While you might continue to hear the word “bankruptcy” tossed around in the next few weeks during negotiations for the City’s pension obligations and other budget items, it’s likely only an idle threat.
Chapter 9 of the U.S. Bankruptcy Code allows cities and counties, as well as other municipal entities such as utilities and school districts, to file for bankruptcy.
But it’s a rare and difficult tool for municipalities to use to fix their financial problems.
“It’s easier said than done,” said lawyer John Macdonald of the Akerman Senterfitt firm.
Macdonald has represented parties in many corporate bankruptcy filings but said he has never been involved in a Chapter 9 case.
In fact, the Associated Press reports that there have been only 640 total U.S. filings under Chapter 9 since it was authorized by Congress in 1937.
That’s fewer than the number of bankruptcies that have been filed each month under all chapters in the Jacksonville Division of the U.S. Bankruptcy Court Middle District of Florida.
A check of the U.S. Court system’s Pacer database shows only 25 Chapter 9 filings since the beginning of 2011, and only six of those were made by cities or counties.
The last Chapter 9 filing in Florida was in 1995 by the Lake Apopka Natural Gas District.
“It’s just not a chapter that is utilized with any degree of regularity,” Macdonald said.
“Chapter 9 is relatively unchartered territory,” said lawyer Gardner Davis of the Foley & Lardner firm. That would make Chapter 9 a very uncertain solution to negotiating a reduction in the City’s pension obligations.
“Both the City and the unions face some risk of what the process would produce,” said Davis.
Even talking about bankruptcy has risks, he said.
“The City enjoys a strong bond rating. Talk of Chapter 9 does not do the bond rating any good,” Davis said.
One requirement for filing Chapter 9 is that the municipality must prove it is insolvent and unable to pay its debts. It also has to show it negotiated in good faith with its creditors.
Boise County, Idaho, filed for Chapter 9 last year after being hit with a $4 million judgment in a lawsuit. However, a U.S. bankruptcy judge dismissed the case, saying Boise did not prove that it was insolvent.
The federal bankruptcy code also has provisions that leave it up to individual states to decide if their municipalities can file for Chapter 9.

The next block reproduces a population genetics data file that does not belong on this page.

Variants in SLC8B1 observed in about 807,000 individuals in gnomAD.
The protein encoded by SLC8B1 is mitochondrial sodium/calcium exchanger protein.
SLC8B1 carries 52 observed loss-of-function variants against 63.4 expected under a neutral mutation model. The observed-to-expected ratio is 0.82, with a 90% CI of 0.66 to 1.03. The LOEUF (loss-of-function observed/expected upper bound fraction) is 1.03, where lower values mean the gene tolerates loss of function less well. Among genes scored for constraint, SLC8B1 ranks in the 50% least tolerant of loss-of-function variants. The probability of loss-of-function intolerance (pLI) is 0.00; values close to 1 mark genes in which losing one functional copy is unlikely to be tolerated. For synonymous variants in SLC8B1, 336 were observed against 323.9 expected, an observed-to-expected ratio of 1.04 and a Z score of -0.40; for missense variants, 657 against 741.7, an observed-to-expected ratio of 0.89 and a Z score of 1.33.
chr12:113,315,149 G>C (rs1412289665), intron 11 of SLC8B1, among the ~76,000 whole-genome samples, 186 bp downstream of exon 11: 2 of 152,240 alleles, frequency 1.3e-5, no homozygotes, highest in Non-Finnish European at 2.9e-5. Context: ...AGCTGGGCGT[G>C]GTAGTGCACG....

Pennsylvania’s capital city of Harrisburg filed for Chapter 9 last year, but its case was thrown out by a bankruptcy judge who ruled that state law did not allow it to file.
Florida law allows municipalities to file for Chapter 9, but only if authorized by the governor, Macdonald said.
Basically, a municipality has to work with the governor to find solutions to its financial woes outside of court before seeking bankruptcy relief.
The good news about a municipality in Chapter 9 is that there are more limits on what the bankruptcy court can do, as opposed to a corporation that files to reorganize under Chapter 11.
While the court can appoint a trustee to run a business while it is in Chapter 11, the court does not have the power to appoint a trustee to run the municipality.
Also, the court can’t order a municipality to be liquidated to pay off its creditors.
After the Harrisburg and Boise filings were dismissed, only four Chapter 9 filings made by cities or counties since the beginning of 2011 are still moving forward.
That includes two filings within the past three weeks in California by the City of Stockton and the Town of Mammoth Lakes.
The city council in San Bernardino, Calif., also voted July 10 to authorize the city to go into Chapter 9, but a filing has not been made.
The two other ongoing Chapter 9 filings were made in 2011. One is the city of Central Falls, a small Rhode Island town of 1.5 square miles and about 18,000 residents, according to its website.
The other current case is Jefferson County, Ala. It filed the largest Chapter 9 case ever in November with $4.15 billion in debt linked to sewer system bonds.